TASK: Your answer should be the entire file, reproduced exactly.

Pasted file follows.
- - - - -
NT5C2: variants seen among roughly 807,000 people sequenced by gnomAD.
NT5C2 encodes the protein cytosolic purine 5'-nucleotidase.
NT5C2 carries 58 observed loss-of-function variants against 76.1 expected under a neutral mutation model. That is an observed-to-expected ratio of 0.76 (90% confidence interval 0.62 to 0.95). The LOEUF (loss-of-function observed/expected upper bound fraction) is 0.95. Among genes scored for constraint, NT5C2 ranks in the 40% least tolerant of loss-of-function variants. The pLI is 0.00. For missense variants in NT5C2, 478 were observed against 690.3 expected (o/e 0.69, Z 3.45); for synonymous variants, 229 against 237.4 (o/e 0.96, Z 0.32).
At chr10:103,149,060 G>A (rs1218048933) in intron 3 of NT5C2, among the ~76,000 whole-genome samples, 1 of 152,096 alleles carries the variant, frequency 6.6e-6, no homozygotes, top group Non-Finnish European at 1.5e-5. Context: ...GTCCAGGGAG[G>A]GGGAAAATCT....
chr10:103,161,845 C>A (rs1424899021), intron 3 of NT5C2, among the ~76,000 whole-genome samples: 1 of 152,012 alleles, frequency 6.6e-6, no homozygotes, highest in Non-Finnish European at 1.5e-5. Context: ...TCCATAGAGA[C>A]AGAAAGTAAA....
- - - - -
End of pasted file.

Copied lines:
NT5C2: variants seen among roughly 807,000 people sequenced by gnomAD.
NT5C2 encodes the protein cytosolic purine 5'-nucleotidase.
NT5C2 carries 58 observed loss-of-function variants against 76.1 expected under a neutral mutation model. That is an observed-to-expected ratio of 0.76 (90% confidence interval 0.62 to 0.95). The LOEUF (loss-of-function observed/expected upper bound fraction) is 0.95. Among genes scored for constraint, NT5C2 ranks in the 40% least tolerant of loss-of-function variants. The pLI is 0.00. For missense variants in NT5C2, 478 were observed against 690.3 expected (o/e 0.69, Z 3.45); for synonymous variants, 229 against 237.4 (o/e 0.96, Z 0.32).
At chr10:103,149,060 G>A (rs1218048933) in intron 3 of NT5C2, among the ~76,000 whole-genome samples, 1 of 152,096 alleles carries the variant, frequency 6.6e-6, no homozygotes, top group Non-Finnish European at 1.5e-5. Context: ...GTCCAGGGAG[G>A]GGGAAAATCT....
chr10:103,161,845 C>A (rs1424899021), intron 3 of NT5C2, among the ~76,000 whole-genome samples: 1 of 152,012 alleles, frequency 6.6e-6, no homozygotes, highest in Non-Finnish European at 1.5e-5. Context: ...TCCATAGAGA[C>A]AGAAAGTAAA....